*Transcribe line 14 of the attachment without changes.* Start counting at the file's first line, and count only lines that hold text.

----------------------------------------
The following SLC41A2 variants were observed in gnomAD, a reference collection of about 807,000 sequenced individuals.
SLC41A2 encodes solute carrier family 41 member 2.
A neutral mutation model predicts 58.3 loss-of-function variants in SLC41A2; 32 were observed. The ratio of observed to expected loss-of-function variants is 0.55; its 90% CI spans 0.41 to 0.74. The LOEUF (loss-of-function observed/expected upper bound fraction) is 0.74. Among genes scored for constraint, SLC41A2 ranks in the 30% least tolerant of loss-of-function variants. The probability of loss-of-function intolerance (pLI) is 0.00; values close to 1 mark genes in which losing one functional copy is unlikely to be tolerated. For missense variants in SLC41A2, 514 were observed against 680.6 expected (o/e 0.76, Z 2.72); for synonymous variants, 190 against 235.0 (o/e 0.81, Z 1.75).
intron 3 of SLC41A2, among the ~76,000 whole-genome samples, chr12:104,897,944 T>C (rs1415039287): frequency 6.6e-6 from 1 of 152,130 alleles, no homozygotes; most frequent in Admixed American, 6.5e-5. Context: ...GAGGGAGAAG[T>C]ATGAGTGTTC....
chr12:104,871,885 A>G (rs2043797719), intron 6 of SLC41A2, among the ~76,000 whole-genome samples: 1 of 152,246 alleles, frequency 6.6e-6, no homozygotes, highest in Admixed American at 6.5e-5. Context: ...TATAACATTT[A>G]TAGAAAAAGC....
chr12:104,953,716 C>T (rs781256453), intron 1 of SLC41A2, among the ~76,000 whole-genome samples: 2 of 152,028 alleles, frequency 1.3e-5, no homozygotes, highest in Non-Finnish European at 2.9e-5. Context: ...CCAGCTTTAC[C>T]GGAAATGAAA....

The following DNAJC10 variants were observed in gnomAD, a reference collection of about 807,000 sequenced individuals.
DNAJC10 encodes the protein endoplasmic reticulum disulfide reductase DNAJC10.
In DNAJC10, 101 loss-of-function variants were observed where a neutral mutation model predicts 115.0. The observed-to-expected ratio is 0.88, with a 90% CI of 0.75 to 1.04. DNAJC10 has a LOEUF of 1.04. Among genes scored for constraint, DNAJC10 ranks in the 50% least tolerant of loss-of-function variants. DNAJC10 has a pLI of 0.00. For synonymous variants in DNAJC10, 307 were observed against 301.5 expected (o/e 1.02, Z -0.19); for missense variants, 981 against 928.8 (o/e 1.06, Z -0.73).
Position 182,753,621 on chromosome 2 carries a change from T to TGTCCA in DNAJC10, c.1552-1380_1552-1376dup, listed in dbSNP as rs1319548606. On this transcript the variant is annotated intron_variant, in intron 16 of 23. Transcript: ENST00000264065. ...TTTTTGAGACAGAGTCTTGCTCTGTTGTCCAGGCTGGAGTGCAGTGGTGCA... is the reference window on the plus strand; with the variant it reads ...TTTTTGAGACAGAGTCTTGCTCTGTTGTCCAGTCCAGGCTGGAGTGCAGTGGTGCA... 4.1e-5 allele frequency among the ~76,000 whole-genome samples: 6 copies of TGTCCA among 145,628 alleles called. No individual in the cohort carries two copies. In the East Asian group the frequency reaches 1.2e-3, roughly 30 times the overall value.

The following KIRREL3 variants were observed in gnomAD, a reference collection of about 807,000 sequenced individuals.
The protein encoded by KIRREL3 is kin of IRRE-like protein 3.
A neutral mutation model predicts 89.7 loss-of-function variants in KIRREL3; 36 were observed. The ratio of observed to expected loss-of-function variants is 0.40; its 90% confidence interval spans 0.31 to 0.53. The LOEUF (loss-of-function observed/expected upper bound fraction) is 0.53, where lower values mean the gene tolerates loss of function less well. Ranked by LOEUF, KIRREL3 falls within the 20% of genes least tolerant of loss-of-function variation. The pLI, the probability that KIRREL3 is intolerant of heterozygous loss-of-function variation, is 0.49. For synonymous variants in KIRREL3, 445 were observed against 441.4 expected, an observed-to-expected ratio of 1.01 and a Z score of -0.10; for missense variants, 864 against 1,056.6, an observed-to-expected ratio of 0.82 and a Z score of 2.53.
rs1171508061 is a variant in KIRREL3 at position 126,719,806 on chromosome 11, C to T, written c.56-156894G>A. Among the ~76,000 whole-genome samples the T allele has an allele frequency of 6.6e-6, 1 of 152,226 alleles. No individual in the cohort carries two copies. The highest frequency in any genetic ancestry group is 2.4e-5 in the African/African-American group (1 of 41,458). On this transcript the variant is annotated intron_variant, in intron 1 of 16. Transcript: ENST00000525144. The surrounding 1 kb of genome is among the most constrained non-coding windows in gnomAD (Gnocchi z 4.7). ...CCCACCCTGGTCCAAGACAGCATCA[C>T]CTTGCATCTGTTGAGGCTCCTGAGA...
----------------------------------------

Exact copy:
rs1171508061 is a variant in KIRREL3 at position 126,719,806 on chromosome 11, C to T, written c.56-156894G>A. Among the ~76,000 whole-genome samples the T allele has an allele frequency of 6.6e-6, 1 of 152,226 alleles. No individual in the cohort carries two copies. The highest frequency in any genetic ancestry group is 2.4e-5 in the African/African-American group (1 of 41,458). On this transcript the variant is annotated intron_variant, in intron 1 of 16. Transcript: ENST00000525144. The surrounding 1 kb of genome is among the most constrained non-coding windows in gnomAD (Gnocchi z 4.7). ...CCCACCCTGGTCCAAGACAGCATCA[C>T]CTTGCATCTGTTGAGGCTCCTGAGA...